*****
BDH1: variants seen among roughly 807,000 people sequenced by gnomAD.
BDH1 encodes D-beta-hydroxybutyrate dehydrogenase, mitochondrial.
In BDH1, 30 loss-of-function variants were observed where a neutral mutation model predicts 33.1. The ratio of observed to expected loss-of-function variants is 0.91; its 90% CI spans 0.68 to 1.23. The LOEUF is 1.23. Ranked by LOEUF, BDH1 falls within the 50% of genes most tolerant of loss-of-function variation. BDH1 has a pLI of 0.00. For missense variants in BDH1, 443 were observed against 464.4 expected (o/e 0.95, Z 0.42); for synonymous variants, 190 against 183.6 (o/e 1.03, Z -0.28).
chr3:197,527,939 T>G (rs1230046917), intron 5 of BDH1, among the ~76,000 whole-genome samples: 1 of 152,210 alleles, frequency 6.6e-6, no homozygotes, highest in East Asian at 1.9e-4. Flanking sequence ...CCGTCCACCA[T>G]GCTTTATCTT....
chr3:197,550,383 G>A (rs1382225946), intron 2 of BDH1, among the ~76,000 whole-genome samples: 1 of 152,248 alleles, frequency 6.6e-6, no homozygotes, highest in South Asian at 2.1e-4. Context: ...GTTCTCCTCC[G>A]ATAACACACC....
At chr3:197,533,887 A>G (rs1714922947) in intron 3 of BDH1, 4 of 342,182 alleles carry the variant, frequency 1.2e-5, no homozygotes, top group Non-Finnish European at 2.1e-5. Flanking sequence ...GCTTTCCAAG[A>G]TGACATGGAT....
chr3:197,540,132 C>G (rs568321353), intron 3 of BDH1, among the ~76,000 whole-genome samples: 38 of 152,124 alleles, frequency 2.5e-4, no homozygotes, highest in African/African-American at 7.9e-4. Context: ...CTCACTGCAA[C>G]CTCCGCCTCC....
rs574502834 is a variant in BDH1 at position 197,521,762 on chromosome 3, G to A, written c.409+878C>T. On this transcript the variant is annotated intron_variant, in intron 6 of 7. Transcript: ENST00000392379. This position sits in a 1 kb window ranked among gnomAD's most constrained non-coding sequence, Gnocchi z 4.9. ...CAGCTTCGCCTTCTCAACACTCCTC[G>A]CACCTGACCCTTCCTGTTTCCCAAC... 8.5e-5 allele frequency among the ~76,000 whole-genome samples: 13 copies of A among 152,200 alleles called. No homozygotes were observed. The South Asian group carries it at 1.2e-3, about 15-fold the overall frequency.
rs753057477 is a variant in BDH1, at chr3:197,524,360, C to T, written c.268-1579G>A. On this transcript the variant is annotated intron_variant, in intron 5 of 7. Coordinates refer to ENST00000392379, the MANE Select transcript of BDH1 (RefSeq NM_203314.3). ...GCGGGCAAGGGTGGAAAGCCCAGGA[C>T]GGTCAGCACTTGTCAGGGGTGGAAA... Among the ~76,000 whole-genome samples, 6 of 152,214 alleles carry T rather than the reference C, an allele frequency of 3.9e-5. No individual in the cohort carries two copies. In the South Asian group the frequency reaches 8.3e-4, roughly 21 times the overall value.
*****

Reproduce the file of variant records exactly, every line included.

BDH1: variants seen among roughly 807,000 people sequenced by gnomAD.
BDH1 encodes D-beta-hydroxybutyrate dehydrogenase, mitochondrial.
In BDH1, 30 loss-of-function variants were observed where a neutral mutation model predicts 33.1. The ratio of observed to expected loss-of-function variants is 0.91; its 90% CI spans 0.68 to 1.23. The LOEUF is 1.23. Ranked by LOEUF, BDH1 falls within the 50% of genes most tolerant of loss-of-function variation. BDH1 has a pLI of 0.00. For missense variants in BDH1, 443 were observed against 464.4 expected (o/e 0.95, Z 0.42); for synonymous variants, 190 against 183.6 (o/e 1.03, Z -0.28).
chr3:197,527,939 T>G (rs1230046917), intron 5 of BDH1, among the ~76,000 whole-genome samples: 1 of 152,210 alleles, frequency 6.6e-6, no homozygotes, highest in East Asian at 1.9e-4. Flanking sequence ...CCGTCCACCA[T>G]GCTTTATCTT....
chr3:197,550,383 G>A (rs1382225946), intron 2 of BDH1, among the ~76,000 whole-genome samples: 1 of 152,248 alleles, frequency 6.6e-6, no homozygotes, highest in South Asian at 2.1e-4. Context: ...GTTCTCCTCC[G>A]ATAACACACC....
At chr3:197,533,887 A>G (rs1714922947) in intron 3 of BDH1, 4 of 342,182 alleles carry the variant, frequency 1.2e-5, no homozygotes, top group Non-Finnish European at 2.1e-5. Flanking sequence ...GCTTTCCAAG[A>G]TGACATGGAT....
chr3:197,540,132 C>G (rs568321353), intron 3 of BDH1, among the ~76,000 whole-genome samples: 38 of 152,124 alleles, frequency 2.5e-4, no homozygotes, highest in African/African-American at 7.9e-4. Context: ...CTCACTGCAA[C>G]CTCCGCCTCC....
rs574502834 is a variant in BDH1 at position 197,521,762 on chromosome 3, G to A, written c.409+878C>T. On this transcript the variant is annotated intron_variant, in intron 6 of 7. Transcript: ENST00000392379. This position sits in a 1 kb window ranked among gnomAD's most constrained non-coding sequence, Gnocchi z 4.9. ...CAGCTTCGCCTTCTCAACACTCCTC[G>A]CACCTGACCCTTCCTGTTTCCCAAC... 8.5e-5 allele frequency among the ~76,000 whole-genome samples: 13 copies of A among 152,200 alleles called. No homozygotes were observed. The South Asian group carries it at 1.2e-3, about 15-fold the overall frequency.
rs753057477 is a variant in BDH1, at chr3:197,524,360, C to T, written c.268-1579G>A. On this transcript the variant is annotated intron_variant, in intron 5 of 7. Coordinates refer to ENST00000392379, the MANE Select transcript of BDH1 (RefSeq NM_203314.3). ...GCGGGCAAGGGTGGAAAGCCCAGGA[C>T]GGTCAGCACTTGTCAGGGGTGGAAA... Among the ~76,000 whole-genome samples, 6 of 152,214 alleles carry T rather than the reference C, an allele frequency of 3.9e-5. No individual in the cohort carries two copies. In the South Asian group the frequency reaches 8.3e-4, roughly 21 times the overall value.